New malware campaign impersonates bank guardian Trusteer
When it comes to online banking security, banks have a big problem. How do they verify that a transaction request is actually coming from a customer and not from an identity thief or a piece of malware controlling the customers’ computer?
A Boston-based company named Trusteer targets banks with solutions to this problem. Among those solutions is an endpoint malware detection program named Rapport. Banks are encouraged to offer this program to their important clients so that the client computers can be secured.
So, you’re a malware author, and you’re looking for online banking customers to compromise. Who better to target than people who are so important to a bank that they would receive special software to protect their accounts?
That targeting is just what is happening with the latest malicious spam campaign to appear in the Barracuda Labs spam honeypots.
This well-done done email spoofs Trusteer and even customizes each email so that the attachment contains the email ID of the email recipient. The name recognition and comfort associated with the Trusteer brand might very well be enough to persuade someone to open and run this attachment, thinking they are enhancing their computer security when in fact they are actually doing quite the opposite.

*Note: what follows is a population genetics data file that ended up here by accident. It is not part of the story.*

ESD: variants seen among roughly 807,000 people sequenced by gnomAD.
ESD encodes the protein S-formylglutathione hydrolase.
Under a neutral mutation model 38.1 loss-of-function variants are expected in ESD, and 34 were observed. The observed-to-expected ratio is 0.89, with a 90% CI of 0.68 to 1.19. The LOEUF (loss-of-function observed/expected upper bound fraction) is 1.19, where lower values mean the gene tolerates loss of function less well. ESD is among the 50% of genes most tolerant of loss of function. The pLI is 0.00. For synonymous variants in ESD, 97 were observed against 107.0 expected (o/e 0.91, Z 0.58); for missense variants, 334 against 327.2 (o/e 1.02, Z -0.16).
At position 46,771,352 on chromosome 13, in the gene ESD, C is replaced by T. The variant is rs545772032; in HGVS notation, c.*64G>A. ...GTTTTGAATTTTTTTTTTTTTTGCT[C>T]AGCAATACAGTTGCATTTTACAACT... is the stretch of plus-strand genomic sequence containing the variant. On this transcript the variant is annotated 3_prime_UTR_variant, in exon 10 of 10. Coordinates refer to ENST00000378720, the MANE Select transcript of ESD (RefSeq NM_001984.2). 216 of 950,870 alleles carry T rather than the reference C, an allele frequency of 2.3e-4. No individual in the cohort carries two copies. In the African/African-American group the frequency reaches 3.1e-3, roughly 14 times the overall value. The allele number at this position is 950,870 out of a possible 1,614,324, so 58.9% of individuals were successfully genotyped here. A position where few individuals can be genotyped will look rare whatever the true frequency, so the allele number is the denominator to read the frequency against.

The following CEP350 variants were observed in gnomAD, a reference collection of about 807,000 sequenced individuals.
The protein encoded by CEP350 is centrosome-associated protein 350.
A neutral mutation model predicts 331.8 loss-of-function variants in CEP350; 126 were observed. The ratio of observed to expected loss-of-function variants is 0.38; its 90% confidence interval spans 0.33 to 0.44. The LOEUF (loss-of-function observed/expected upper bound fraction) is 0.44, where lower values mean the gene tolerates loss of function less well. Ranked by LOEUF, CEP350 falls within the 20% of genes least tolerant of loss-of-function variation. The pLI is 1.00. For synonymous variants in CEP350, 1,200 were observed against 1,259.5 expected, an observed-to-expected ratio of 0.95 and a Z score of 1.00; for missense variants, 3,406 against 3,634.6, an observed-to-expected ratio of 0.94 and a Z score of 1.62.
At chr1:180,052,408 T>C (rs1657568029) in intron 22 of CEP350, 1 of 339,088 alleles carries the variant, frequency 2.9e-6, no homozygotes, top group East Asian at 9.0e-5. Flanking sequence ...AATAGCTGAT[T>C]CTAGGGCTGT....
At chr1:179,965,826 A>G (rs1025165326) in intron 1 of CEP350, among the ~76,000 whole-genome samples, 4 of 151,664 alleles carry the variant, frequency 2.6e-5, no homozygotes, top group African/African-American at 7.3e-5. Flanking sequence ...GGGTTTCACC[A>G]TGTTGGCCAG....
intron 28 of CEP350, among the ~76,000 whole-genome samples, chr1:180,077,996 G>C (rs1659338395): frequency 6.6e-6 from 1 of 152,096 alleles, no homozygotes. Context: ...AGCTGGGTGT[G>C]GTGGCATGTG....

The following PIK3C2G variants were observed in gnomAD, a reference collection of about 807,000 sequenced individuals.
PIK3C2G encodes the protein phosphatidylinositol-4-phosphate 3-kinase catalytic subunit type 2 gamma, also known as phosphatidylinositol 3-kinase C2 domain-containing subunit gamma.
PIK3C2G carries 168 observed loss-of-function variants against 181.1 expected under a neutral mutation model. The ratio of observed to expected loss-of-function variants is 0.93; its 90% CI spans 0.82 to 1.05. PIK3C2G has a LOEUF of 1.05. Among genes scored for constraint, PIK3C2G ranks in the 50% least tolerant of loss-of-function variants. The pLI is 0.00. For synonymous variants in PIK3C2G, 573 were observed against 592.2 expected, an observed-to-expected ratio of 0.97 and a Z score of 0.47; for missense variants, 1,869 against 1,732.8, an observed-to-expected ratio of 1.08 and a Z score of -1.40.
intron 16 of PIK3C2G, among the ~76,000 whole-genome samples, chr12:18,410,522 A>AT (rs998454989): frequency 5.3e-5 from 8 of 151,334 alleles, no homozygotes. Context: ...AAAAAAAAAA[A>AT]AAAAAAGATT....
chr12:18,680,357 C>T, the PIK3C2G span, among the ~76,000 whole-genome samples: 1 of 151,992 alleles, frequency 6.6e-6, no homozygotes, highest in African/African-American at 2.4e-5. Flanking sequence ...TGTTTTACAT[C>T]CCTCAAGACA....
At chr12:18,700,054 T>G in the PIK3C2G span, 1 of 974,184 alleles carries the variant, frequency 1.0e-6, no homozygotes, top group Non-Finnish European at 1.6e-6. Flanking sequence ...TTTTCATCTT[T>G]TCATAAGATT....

Only 8 out of 47 antivirus products even recognize the attached malware, which Malwarebytes does identify as Trojan.Agent.rfz.
This trojan downloads three other pieces of malware (one was already inaccessible when we ran our tests,) all of which had even worse detection ratios – only 4 out of 47 for each, although these ratios should improve as antivirus vendors catch up. Note that the periodic contact with Google.com is typical of credential stealers which do so to test internet connectivity.
Trusteer Rapport might actually intercept these downloads, although we have no way of knowing for sure. What we do know for sure is a maxim we repeat often in our blog – don’t run attachments received in email unless you personally know the sender, and the contents. It is just too easy to create perfectly deceptive phishing attacks. Instead, if you are asked to install or upgrade software, insist on a URL that is hosted on a reputable site.
The original article/video can be found at New malware campaign impersonates bank guardian Trusteer